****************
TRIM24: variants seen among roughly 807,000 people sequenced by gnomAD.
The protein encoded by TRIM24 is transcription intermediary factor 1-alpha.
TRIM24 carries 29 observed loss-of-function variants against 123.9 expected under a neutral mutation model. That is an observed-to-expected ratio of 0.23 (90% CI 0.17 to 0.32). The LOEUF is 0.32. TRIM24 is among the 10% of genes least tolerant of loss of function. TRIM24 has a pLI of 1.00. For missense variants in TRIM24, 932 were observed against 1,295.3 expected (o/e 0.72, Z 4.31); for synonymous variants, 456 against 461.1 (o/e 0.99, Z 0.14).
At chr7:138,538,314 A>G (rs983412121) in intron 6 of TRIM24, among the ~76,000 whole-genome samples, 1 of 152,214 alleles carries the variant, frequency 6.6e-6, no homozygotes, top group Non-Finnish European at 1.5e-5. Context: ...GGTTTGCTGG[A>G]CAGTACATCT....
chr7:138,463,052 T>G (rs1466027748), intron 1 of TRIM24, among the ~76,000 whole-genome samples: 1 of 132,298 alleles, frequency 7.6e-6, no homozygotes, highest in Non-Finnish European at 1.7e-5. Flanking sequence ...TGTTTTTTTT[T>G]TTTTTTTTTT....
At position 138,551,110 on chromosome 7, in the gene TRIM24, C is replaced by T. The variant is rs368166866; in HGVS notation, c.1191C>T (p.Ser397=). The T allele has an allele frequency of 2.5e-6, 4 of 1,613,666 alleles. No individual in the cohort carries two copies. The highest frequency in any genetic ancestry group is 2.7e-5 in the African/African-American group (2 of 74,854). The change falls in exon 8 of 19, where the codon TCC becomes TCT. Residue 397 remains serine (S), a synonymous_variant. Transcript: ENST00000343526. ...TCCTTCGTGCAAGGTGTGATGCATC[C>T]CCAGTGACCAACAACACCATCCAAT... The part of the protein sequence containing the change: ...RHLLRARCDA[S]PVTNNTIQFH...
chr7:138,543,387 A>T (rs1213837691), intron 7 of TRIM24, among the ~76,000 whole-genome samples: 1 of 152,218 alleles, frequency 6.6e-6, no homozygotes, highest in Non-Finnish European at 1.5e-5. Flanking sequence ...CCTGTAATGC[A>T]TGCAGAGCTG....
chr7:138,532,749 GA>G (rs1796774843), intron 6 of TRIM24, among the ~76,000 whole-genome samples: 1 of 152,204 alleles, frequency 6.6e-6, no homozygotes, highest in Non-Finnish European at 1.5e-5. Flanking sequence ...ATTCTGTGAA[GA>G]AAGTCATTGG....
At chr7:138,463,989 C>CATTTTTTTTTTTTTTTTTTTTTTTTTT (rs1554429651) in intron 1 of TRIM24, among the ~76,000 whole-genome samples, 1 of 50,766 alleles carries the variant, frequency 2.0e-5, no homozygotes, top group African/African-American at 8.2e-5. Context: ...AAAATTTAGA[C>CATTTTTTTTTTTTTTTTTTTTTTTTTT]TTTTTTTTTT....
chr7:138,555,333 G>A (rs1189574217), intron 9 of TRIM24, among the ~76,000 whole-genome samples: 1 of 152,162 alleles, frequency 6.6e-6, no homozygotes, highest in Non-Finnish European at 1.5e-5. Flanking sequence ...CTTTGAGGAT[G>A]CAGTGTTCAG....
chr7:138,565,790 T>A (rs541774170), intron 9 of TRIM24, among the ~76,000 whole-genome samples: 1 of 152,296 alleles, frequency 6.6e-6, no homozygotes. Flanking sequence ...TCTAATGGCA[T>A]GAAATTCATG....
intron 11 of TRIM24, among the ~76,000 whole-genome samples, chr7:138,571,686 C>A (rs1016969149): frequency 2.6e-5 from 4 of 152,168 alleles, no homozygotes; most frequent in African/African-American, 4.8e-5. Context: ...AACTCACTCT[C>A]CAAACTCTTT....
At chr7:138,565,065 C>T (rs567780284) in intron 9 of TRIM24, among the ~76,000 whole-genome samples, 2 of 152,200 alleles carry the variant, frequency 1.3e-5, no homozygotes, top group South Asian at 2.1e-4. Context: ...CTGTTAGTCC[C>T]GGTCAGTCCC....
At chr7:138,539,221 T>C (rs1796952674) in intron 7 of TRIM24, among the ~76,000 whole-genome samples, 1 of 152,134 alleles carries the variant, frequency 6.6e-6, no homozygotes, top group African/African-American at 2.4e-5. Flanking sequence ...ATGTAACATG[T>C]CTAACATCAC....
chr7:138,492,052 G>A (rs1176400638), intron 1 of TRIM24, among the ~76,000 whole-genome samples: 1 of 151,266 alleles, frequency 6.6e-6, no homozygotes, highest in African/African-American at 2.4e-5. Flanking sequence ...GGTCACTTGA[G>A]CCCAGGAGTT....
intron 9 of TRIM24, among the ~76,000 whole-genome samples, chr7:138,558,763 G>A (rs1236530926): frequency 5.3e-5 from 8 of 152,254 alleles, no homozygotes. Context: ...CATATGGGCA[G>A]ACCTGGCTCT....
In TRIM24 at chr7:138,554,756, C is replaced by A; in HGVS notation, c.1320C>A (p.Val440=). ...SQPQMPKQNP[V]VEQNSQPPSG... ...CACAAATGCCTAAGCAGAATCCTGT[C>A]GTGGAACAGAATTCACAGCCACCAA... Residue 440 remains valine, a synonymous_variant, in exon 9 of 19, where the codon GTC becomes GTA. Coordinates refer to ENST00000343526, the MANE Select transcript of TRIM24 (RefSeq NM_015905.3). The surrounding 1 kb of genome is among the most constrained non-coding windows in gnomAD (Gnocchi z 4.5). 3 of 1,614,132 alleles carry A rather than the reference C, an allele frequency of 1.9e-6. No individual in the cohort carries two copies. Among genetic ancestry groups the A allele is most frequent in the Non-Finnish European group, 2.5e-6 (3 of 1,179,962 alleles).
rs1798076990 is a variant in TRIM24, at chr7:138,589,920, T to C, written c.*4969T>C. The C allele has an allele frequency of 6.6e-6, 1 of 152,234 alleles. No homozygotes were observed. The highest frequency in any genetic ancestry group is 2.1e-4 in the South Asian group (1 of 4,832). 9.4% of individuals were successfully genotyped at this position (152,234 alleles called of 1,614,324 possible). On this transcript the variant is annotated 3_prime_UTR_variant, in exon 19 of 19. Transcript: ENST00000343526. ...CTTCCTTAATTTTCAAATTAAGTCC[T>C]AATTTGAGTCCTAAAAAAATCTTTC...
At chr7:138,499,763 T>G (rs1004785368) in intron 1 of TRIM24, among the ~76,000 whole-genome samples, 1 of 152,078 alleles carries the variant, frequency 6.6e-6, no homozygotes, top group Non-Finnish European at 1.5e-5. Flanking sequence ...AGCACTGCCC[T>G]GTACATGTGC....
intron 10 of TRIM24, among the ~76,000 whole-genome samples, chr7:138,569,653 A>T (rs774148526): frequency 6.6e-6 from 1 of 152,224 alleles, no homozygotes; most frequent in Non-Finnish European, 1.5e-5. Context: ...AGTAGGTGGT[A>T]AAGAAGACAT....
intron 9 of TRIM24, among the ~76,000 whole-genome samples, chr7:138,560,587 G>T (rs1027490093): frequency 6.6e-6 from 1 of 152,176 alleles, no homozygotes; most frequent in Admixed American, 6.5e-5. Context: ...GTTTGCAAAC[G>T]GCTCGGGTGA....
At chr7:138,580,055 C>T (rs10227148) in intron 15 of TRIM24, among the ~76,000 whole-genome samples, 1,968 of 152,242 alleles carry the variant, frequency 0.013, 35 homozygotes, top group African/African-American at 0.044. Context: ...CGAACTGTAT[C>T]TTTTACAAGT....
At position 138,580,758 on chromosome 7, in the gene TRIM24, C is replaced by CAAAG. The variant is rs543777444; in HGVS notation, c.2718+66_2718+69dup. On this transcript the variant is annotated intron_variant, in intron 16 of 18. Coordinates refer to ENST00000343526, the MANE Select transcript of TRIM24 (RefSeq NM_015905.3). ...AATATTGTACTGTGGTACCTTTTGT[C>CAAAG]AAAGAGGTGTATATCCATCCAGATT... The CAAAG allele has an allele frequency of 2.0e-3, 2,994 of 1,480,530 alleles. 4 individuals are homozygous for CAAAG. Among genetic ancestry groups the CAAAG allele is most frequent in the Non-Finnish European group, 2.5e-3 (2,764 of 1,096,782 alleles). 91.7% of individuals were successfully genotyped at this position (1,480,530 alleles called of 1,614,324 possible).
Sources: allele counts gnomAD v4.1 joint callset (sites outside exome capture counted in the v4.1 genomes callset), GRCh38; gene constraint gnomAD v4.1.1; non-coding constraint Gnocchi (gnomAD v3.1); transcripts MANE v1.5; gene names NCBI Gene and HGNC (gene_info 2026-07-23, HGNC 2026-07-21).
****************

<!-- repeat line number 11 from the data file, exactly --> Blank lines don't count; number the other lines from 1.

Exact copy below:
chr7:138,565,790 T>A (rs541774170), intron 9 of TRIM24, among the ~76,000 whole-genome samples: 1 of 152,296 alleles, frequency 6.6e-6, no homozygotes. Flanking sequence ...TCTAATGGCA[T>A]GAAATTCATG....